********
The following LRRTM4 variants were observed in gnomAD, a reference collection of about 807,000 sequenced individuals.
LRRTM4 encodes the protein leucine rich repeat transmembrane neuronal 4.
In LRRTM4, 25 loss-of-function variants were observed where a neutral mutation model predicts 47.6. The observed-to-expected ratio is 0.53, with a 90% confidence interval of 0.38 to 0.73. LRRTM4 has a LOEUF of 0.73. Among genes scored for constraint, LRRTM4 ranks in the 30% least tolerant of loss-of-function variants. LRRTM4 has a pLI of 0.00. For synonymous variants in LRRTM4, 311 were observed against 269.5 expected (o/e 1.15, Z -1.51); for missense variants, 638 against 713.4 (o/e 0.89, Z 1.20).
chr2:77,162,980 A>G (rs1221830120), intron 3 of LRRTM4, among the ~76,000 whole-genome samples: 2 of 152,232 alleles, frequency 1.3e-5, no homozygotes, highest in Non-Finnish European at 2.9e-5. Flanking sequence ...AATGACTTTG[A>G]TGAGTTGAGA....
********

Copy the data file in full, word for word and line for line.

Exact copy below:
The following LRRTM4 variants were observed in gnomAD, a reference collection of about 807,000 sequenced individuals.
LRRTM4 encodes the protein leucine rich repeat transmembrane neuronal 4.
In LRRTM4, 25 loss-of-function variants were observed where a neutral mutation model predicts 47.6. The observed-to-expected ratio is 0.53, with a 90% confidence interval of 0.38 to 0.73. LRRTM4 has a LOEUF of 0.73. Among genes scored for constraint, LRRTM4 ranks in the 30% least tolerant of loss-of-function variants. LRRTM4 has a pLI of 0.00. For synonymous variants in LRRTM4, 311 were observed against 269.5 expected (o/e 1.15, Z -1.51); for missense variants, 638 against 713.4 (o/e 0.89, Z 1.20).
chr2:77,162,980 A>G (rs1221830120), intron 3 of LRRTM4, among the ~76,000 whole-genome samples: 2 of 152,232 alleles, frequency 1.3e-5, no homozygotes, highest in Non-Finnish European at 2.9e-5. Flanking sequence ...AATGACTTTG[A>G]TGAGTTGAGA....